“Learning on the job is a great way to upskill, as it forces people to adapt new skills quickly,” she said.
Dan Boccabella, vice president of product management at HR-software company SumTotal, said training will become critical in addressing the skills gap. Plus, learning opportunities and professional development programs keep people engaged and help retain young professionals.
“To stay ahead of the skills gap, employers should create individualized development paths to help every employee better understand their role, expectations and focus, while also resolving any capability gaps along the way,” he said.
Helping employees develop their skills also leads to higher employee retention, he said, citing research that found that development opportunities are one of the most critical determining factors for employees when deciding whether to remain with an employer.
Most of all, solving the skills shortage is a long-term game requiring a strategic approach, according to Jeff Skipper, CEO of Peacebridge Performance Inc., who works with Fortune 500 companies and aspiring non- pro ts. For example, while working with IBM Corp.,
Skipper helped implement a program for developing IT architects, a hot commodity at the time. “Our goal was to begin building skills immediately and meet demand in two to three years’ time,” he said. “It would take that long to produce our first graduates.”
NARROWING THE SKILLS GAP
Whether it’s being smarter in recruiting and retention or taking a “grow your own” approach to bridging the expected skills shortage, there are solutions.
A PROACTIVE APPROACH
Employers need to take an intensely proactive approach with recruiting and retention, said Dan Boccabella, vice president of product management at SumTotal.
“Recruiting and retention need to be looked at more as core functions now and in the future,” he said. “Highly skilled workers tend to look at job seeking as a constant activity; therefore, the most successful companies will target potential new employees the same way marketers target prospects.”
A pre-boarding program can show new hires the company’s commitment to training and closing skills gaps. Also, it gives new hires a chance to feel connected to the company and begin engaging before they start. It can increase pre-hire retention and decrease time to proficiency when bringing in new employees to close those identified skills gaps.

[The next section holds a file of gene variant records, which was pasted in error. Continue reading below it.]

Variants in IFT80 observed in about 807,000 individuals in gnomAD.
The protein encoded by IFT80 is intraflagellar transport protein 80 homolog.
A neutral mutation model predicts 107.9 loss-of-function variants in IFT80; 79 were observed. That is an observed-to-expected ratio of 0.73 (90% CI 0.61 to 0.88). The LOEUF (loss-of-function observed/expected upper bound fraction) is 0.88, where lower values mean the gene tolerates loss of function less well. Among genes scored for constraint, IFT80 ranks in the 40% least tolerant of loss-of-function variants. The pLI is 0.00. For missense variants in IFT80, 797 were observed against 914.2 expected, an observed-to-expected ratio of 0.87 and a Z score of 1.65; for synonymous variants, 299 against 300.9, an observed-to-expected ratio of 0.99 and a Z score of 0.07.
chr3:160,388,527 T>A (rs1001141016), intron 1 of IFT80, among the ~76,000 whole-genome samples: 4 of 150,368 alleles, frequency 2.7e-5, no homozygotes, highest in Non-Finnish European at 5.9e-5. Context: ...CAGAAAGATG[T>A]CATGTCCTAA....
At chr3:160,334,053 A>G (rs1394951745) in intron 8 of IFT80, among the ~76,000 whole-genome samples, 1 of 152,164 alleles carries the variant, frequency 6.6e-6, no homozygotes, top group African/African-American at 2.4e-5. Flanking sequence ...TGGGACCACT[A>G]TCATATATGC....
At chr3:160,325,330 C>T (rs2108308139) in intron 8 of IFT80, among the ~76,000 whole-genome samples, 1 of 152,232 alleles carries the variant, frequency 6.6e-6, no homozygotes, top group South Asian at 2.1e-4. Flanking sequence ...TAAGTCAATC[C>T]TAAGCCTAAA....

“It’s far more efficient and less expensive to train and advance current employees,” Boccabella said, adding that employers also need to constantly recruit current employees by ensuring individual career goals are tied to the organization’s strategic initiatives.
“You ensure they are contributing to the success of the company and feel like valued members of the organization,” he said. “That way, you retain and cultivate smart and hardworking employees.”
More employers are partnering with universities to bring attention to in-demand specialties, said Jeff Skipper, CEO of Peacebridge Performance Inc.. Those employers realize they need to get in on the ground floor to begin shaping interest and attitudes toward key disciplines.
“Organizations like Microsoft and Google partner with universities to create brand identity with their future workforce,” he said. “Savvy companies check their external indicators and manage them actively, things like reviews on Glassdoor and Google. Most would never consider asking current employees to write a testimonial about their workforce, but why not?”
Marketing early also can attract the best talent in the fields you know will need support, he said, adding that smart employers are looking ahead to their future skills needs and building or positioning to harvest the best talent now.
“They’re using visioning exercises and the creation of talent stories to define their needs,” he said.
But old-school strategies still work, too, Skipper affirmed. For example, think about things like convincing parents to encourage their kids to apply to STEM programs.
“Employers need to craft appeals for parents who still have influence over their children’s career interests,” he said. “Sponsoring events at local high schools can’t hurt … who wouldn’t want their child to work for Google or Apple?”
KEEP WHAT YOU’VE GOT